I’m creating a laser gantlet with swinging beams (see link). The final destination is UnReal Engine. Even using the DataSmith, UnReal seems to be confused by the path the beam is tracking. The polygons come in, but the animation is missing. I tried baking as Alembic but that only seemed to make things worse. NOTE: I’m a beginner in UnReal, so I could be making some basic mistakes just getting through the door.
My sense is the DataSmith is struggling with the tracer tracking animation. So I’m wondering if I should try to create something using PoseMorph or another approach to get keyframes I can bake (baking the Xpresso controls doesn’t capture the geometry changes). I haven’t had good success tacking a spline point to an object and pulling the spline along after it - though that may be more understandable by DataSmith.
Any suggestions you have re: animating a laser beam to follow the contours of another object would be most welcome!
OK - Success in all respects EXCEPT how to get the mesh to deform and follow the goal - i.e. squash and stretch. The joint stretches, but the mesh does not. Is the secret switch in the skin, weight tag, or the bone? I’ve checked and re-checked all the settings and they all appear identical to your sample. But the mesh doesn’t squash or stretch. So something is turned off.
Seems like it should be in the skin. But what do I know?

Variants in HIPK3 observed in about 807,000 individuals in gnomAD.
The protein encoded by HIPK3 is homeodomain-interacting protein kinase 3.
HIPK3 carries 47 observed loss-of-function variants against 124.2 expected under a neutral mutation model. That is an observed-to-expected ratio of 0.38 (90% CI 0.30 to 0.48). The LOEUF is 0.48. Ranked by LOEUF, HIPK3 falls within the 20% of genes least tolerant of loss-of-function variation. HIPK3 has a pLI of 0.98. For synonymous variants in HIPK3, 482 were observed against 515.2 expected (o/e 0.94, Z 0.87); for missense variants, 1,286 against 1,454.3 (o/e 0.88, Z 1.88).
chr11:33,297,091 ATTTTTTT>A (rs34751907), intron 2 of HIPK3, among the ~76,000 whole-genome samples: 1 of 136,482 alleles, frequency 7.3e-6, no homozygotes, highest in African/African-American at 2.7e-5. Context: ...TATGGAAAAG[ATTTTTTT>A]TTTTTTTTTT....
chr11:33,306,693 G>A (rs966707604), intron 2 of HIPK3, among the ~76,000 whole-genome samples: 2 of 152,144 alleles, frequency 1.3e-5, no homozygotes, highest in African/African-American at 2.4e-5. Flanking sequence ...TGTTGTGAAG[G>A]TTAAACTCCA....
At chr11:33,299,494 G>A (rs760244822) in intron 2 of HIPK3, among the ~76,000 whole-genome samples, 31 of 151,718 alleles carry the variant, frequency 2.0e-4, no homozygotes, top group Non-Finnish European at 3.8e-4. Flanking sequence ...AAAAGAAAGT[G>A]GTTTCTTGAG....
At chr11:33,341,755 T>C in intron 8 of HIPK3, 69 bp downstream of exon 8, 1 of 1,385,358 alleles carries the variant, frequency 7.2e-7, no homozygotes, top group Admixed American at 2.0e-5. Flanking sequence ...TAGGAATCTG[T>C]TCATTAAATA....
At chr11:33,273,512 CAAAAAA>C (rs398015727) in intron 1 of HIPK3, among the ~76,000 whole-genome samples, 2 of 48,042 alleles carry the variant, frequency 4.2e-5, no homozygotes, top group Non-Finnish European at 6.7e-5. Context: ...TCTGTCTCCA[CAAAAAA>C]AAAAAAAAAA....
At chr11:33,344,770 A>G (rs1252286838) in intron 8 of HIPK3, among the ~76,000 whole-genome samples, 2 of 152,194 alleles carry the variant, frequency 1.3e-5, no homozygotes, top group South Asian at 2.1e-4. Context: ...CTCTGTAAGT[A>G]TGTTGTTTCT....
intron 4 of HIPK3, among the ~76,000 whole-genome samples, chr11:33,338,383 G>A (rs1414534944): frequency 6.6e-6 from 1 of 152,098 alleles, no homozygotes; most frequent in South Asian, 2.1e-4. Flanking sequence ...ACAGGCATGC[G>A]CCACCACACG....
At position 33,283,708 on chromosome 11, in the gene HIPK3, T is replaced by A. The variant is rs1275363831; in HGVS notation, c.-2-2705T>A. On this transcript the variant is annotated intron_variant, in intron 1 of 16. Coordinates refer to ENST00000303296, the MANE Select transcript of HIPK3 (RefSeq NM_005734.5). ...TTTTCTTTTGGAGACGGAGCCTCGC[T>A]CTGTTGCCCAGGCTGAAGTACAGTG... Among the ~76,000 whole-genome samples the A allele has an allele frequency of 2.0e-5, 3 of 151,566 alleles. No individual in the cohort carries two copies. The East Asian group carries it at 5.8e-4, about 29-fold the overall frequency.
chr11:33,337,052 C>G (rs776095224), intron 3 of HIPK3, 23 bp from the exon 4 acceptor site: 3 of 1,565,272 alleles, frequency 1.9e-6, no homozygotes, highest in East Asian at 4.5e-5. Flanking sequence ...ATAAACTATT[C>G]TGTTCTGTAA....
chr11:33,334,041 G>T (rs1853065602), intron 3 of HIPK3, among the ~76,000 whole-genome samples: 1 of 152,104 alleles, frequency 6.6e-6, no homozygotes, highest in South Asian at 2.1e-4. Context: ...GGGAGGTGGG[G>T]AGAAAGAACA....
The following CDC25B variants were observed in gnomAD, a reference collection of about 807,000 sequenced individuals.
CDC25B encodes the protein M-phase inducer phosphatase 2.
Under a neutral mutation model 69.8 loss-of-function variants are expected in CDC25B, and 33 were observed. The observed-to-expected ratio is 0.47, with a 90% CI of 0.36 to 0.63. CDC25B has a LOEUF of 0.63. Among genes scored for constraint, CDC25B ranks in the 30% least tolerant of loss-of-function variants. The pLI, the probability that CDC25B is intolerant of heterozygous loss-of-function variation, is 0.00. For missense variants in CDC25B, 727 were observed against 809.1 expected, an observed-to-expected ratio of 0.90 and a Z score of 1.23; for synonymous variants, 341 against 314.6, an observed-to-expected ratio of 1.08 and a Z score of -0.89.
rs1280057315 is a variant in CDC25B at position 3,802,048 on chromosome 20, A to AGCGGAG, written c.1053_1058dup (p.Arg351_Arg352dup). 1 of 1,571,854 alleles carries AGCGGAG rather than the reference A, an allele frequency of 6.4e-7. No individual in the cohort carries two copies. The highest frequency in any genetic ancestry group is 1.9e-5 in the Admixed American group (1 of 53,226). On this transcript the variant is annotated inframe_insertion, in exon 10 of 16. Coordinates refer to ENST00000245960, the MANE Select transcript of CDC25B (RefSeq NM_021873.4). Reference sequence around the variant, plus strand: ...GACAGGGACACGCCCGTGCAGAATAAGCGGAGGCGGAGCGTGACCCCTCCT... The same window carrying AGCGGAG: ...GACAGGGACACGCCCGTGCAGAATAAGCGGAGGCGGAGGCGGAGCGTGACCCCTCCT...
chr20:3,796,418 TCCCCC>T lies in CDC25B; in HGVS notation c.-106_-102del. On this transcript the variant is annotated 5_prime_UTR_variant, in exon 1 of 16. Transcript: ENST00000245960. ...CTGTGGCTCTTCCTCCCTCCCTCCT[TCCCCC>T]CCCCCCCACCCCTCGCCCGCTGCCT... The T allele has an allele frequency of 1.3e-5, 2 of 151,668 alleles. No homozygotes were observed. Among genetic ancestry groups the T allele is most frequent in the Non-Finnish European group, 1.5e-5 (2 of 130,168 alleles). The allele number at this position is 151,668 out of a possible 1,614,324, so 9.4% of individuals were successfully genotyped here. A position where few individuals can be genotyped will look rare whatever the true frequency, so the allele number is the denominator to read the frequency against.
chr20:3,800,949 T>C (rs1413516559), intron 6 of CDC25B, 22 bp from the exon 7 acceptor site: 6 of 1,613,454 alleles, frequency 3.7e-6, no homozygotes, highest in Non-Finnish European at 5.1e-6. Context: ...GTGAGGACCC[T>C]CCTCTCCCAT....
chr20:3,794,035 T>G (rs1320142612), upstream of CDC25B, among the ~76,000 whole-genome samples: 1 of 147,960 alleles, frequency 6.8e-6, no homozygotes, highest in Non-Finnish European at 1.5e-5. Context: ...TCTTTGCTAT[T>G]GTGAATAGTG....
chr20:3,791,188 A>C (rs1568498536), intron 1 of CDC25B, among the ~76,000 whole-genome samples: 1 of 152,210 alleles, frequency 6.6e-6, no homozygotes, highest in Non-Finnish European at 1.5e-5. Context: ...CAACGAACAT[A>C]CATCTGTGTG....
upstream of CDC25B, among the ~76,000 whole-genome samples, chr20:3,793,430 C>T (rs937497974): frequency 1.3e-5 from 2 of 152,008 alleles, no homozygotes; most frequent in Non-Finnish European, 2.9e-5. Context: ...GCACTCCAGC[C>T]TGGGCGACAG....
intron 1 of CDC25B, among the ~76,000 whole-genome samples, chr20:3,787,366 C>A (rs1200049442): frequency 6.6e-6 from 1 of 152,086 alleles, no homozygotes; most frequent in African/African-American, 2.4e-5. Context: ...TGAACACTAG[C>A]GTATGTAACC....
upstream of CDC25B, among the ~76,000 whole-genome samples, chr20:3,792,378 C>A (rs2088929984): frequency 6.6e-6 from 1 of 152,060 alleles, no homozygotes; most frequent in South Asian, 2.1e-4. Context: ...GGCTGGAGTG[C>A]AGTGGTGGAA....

OK, I have explored every nook and cranny of the Squash/Stretch tab in the IK tag, and from my ambulations my sense is the key is in the “Type: Position” attribute, which in my instance does not induce the effect as advertised. The IK attributes in the individual joints (which I understand affect performance of this setting) are set to be identical to the demo model.
The only difference I can see between my version and the demo is the number of polygons in the mesh. But subdividing doesn’t change anything.
To keep the forum readable, please no new questions with different topics in the same thread. Thanks. Since you asked:
Game engines typically try to have the least amount of load for the rendering, e.g., the polygon amount should be as low as quality allows. Similar to that is the idea to use only the positive normal direction of a polygon and ignore the negative one (typically called the backside)
So for your laser, the single side means that the effect is like “Backface Culling,” with the effect that you see only the polygons closer to you of a given object. So you don’t have two Polygons adding an effect, just the front one.
If I’m not mistaken, Unreal has a node for two-sided materials, with an extra node to feed the alpha channel to make the node working two-sided.
This should be a question for the Unreal Forum. Always try to get first-hand information. Adult training is typically first unlearning, then instructing what was intended to be learned. I really don’t want to contribute to that, with perhaps data that is already updated in Unreal.